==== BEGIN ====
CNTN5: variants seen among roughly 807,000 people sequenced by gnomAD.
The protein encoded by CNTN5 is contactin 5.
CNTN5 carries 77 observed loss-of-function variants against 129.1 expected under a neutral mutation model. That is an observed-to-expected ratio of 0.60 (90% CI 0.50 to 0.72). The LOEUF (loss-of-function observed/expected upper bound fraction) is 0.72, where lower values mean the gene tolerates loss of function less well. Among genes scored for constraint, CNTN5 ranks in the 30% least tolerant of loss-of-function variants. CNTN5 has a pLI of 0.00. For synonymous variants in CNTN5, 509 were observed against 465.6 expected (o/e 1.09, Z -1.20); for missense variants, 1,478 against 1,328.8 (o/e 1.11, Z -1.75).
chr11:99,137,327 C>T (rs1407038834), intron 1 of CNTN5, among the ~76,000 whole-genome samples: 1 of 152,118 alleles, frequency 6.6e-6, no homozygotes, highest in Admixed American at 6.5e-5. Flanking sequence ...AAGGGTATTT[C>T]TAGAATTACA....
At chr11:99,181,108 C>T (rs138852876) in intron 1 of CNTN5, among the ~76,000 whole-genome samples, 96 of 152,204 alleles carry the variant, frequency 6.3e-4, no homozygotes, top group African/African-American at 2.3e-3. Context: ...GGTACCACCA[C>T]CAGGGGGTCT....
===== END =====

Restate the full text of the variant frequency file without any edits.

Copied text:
CNTN5: variants seen among roughly 807,000 people sequenced by gnomAD.
The protein encoded by CNTN5 is contactin 5.
CNTN5 carries 77 observed loss-of-function variants against 129.1 expected under a neutral mutation model. That is an observed-to-expected ratio of 0.60 (90% CI 0.50 to 0.72). The LOEUF (loss-of-function observed/expected upper bound fraction) is 0.72, where lower values mean the gene tolerates loss of function less well. Among genes scored for constraint, CNTN5 ranks in the 30% least tolerant of loss-of-function variants. CNTN5 has a pLI of 0.00. For synonymous variants in CNTN5, 509 were observed against 465.6 expected (o/e 1.09, Z -1.20); for missense variants, 1,478 against 1,328.8 (o/e 1.11, Z -1.75).
chr11:99,137,327 C>T (rs1407038834), intron 1 of CNTN5, among the ~76,000 whole-genome samples: 1 of 152,118 alleles, frequency 6.6e-6, no homozygotes, highest in Admixed American at 6.5e-5. Flanking sequence ...AAGGGTATTT[C>T]TAGAATTACA....
At chr11:99,181,108 C>T (rs138852876) in intron 1 of CNTN5, among the ~76,000 whole-genome samples, 96 of 152,204 alleles carry the variant, frequency 6.3e-4, no homozygotes, top group African/African-American at 2.3e-3. Context: ...GGTACCACCA[C>T]CAGGGGGTCT....